October 5, 2022 The Newspaper Serving LGBT Los Angeles

Obama’s Federal Contract law safe, says White House

Trump hoisted an upside down Pride flag at a Presidential campaign rally in Colorado.
Trump hoisted an upside down Pride flag at a Presidential campaign rally in Colorado.

The White House says Donald Trump will let remain a 2014 Obama Executive order that created workplace protections for gay, lesbian, bisexual and transgender federal employees and people employed by businesses who do work for the federal government.  But another Executive Order will negate it.

The Obama Executive Order Trump is keeping amended Executive Order 11246, issued by President Lyndon B. Johnson, and added sexual orientation and gender identity to the list of protected categories in the existing Executive Order covering federal contractors.

“It doesn’t make much sense,” President Obama said at the time, “but today in America, millions of our fellow citizens wake up and go to work with the awareness that they could lose their job, not because of anything they do or fail to do, but because of who they are — lesbian, gay, bisexual, transgender. And that’s wrong.”

A great deal of anxiety about the Executive Order had taken hold in recent months. Candidate Trump promised “to rescind Obama’s illegal Executive Orders,” but it was never clear what he meant or if he meant all of them.

In response to growing questions, primarily from Chris Johnson of the Washington Blade about whether Trump intended to reverse the Obama order, the White House states that the president is supportive of gay rights.

“President Trump continues to be respectful and supportive of L.G.B.T.Q. rights, just as he was throughout the election,” the statement said. “The president is proud to have been the first ever G.O.P. nominee to mention the L.G.B.T.Q. community in his nomination acceptance speech, pledging then to protect the community from violence and oppression.”

According to the statement, this decision “was made personally” by Donald Trump.

National Center for Lesbian Rights Executive Director Kate Kendell said, the statement “says only that President Trump does not intend to take the extreme step of abolishing existing anti-discrimination protections for federal employees and contractors, some of which have been in place for nearly twenty years. That is not a step forward.” We remain concerned by reports that the President intends to issue an order creating new religious exemptions that will permit discrimination against LGBT people and others. This is also a distraction from the imminent announcement of a Supreme Court nominee, which is the most important issue for our community. The Senate must reject any nominee who will turn back the clock on our nation’s commitment to the equality and freedom of LGBT people, including the fundamental right to marry and to be treated equally to other married couples.”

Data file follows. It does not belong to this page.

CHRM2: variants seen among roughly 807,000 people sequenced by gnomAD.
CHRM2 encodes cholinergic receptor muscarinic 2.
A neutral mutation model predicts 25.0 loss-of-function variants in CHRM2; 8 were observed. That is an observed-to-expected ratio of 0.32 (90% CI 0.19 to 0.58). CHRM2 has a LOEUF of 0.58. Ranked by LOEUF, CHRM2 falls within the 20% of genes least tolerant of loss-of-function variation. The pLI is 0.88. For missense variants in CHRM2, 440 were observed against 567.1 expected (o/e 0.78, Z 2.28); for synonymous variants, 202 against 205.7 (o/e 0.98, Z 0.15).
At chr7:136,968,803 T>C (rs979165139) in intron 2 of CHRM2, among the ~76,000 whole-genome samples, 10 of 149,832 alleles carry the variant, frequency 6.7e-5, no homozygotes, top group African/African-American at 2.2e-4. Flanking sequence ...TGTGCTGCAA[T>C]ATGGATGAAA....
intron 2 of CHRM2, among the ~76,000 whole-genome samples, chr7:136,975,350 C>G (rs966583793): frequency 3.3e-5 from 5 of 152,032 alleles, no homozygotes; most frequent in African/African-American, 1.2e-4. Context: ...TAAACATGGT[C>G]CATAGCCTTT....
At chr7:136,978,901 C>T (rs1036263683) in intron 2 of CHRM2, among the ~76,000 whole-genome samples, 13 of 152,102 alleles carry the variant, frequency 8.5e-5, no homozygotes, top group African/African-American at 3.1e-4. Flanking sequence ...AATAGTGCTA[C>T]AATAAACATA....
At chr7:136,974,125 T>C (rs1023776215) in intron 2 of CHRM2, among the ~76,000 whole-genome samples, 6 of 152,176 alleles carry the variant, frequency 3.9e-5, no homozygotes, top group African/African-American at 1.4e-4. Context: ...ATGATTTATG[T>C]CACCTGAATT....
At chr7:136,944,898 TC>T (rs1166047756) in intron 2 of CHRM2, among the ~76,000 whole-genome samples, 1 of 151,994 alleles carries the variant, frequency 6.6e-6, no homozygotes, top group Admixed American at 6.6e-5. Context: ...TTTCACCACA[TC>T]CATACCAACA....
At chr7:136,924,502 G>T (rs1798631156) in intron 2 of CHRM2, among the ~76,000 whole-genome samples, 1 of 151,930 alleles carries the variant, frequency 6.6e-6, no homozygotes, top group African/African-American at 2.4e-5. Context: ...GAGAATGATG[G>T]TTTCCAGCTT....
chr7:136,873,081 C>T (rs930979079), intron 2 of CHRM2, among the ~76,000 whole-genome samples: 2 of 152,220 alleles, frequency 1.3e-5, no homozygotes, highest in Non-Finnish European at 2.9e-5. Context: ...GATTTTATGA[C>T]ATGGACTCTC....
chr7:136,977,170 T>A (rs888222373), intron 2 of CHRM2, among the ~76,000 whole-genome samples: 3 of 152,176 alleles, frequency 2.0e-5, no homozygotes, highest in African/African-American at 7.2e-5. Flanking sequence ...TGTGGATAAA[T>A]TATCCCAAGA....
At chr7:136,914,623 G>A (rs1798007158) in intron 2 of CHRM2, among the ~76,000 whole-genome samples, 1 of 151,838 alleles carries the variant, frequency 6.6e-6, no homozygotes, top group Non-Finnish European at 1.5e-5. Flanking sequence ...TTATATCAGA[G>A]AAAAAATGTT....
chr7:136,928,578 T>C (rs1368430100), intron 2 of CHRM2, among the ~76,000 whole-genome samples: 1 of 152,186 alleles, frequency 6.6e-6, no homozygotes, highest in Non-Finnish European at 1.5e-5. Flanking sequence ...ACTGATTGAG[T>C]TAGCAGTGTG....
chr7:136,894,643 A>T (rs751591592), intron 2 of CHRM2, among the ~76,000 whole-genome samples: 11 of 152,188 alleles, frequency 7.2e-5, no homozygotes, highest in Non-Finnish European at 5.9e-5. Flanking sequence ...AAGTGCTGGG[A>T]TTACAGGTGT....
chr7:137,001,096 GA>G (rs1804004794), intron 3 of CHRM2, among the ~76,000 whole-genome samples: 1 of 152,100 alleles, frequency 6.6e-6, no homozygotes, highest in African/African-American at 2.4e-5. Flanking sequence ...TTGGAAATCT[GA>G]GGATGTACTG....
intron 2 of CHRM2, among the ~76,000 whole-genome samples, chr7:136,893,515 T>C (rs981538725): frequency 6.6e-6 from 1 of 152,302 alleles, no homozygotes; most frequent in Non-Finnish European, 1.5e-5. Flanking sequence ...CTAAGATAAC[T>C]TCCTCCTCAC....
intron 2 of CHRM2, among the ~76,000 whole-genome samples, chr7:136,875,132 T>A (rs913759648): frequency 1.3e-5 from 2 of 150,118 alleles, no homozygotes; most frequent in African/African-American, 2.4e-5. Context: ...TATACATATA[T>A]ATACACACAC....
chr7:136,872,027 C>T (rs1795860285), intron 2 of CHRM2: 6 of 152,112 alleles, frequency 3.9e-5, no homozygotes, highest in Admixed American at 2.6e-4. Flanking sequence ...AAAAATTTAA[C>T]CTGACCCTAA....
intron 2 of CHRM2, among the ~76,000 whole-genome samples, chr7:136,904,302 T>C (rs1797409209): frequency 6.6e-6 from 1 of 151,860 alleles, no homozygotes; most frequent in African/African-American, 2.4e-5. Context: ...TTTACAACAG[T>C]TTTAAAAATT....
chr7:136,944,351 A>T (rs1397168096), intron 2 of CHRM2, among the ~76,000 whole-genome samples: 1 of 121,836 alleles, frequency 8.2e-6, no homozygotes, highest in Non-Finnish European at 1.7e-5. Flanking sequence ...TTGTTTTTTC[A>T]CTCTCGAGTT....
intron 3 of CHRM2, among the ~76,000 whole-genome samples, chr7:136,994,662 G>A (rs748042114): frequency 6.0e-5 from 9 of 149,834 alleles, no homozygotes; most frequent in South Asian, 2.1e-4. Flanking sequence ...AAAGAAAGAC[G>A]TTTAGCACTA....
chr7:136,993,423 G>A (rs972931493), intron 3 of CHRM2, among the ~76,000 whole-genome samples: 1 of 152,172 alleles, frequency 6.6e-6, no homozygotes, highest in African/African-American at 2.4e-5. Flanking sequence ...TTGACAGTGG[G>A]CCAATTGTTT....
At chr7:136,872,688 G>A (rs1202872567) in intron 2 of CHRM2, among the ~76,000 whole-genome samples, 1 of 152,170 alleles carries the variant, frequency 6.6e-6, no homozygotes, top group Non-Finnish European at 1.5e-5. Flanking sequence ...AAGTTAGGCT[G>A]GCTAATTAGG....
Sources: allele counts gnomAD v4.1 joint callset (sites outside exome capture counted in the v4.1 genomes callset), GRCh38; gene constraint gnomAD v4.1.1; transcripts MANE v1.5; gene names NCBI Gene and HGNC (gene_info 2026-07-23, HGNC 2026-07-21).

Given the make up of his cabinet and the likelihood that the White House will within days embrace Religious Freedoms, it remains to be seen just how far Trump is really willing to go on LGBT rights. His Supreme Court nominee is likely to be a supporter of allowing people to discriminate in hiring and accommodation based on their religious beliefs.

Religious Freedom bills that would allow an employer or business owner the right to refuse service, jobs, accommodation, etc if they feel doing so violates their faith in many ways negates Trump’s embrace of Obama’s LGBT protections.

He has lined up a conservative ‘who’s who’ of antigay supporters and empowered them and now must please them.

Trump is opposed to same-sex marriage and does not support national employment non-discrimination legislation.

Only 19 of the 50 states have passed laws preventing LGBT Americans from being discriminated against by employers. Three others protect employees on the basis of sexual orientation but not gender identity.

There has been a blizzard in recent years of measures aimed at granting a broad range of religious exemptions to individuals, companies, and public and private institutions to shield them from LGBT workplace protections and laws that are already on the books.


Some gay rights advocates rolled their eyes.

Chad Griffin, president of the Human Rights Campaign, told the New York Times that Donald Trump was setting a low bar by claiming credit for not overturning the actions of his predecessor.

“L.G.B.T.Q. refugees, immigrants, Muslims and women are scared today, and with good reason,” Mr. Griffin said. “Donald Trump has done nothing but undermine equality since he set foot in the White House.”

Log Cabin Republicans had submitted a white paper to the Donald J. Trump Presidential Transition Team on the importance of preserving the longstanding LGBT Non-Discrimination Executive Order for federal contractors.

The document includes a petition representing signatories across the political spectrum; all of them added their names to encourage President Trump to maintain what Log Cabin called the “LGBT Non-Discrimination Executive Order.”

“Log Cabin Republicans was pleased to submit this important report presenting the common-sense conservative case for LGBT non-discrimination in federal contractors to the Trump Transition Team,” Log Cabin Republicans President Gregory T. Angelo stated. “Their request that we draft this document sends a strong signal that President Trump’s campaign promise to be a ‘real friend’ of the LGBT community is genuine; preserving the LGBT Non-Discrimination Executive Order proves it.”

The white paper, titled “The Importance of Maintaining the LGBT Non-Discrimination Executive Order,” is available online at this link.

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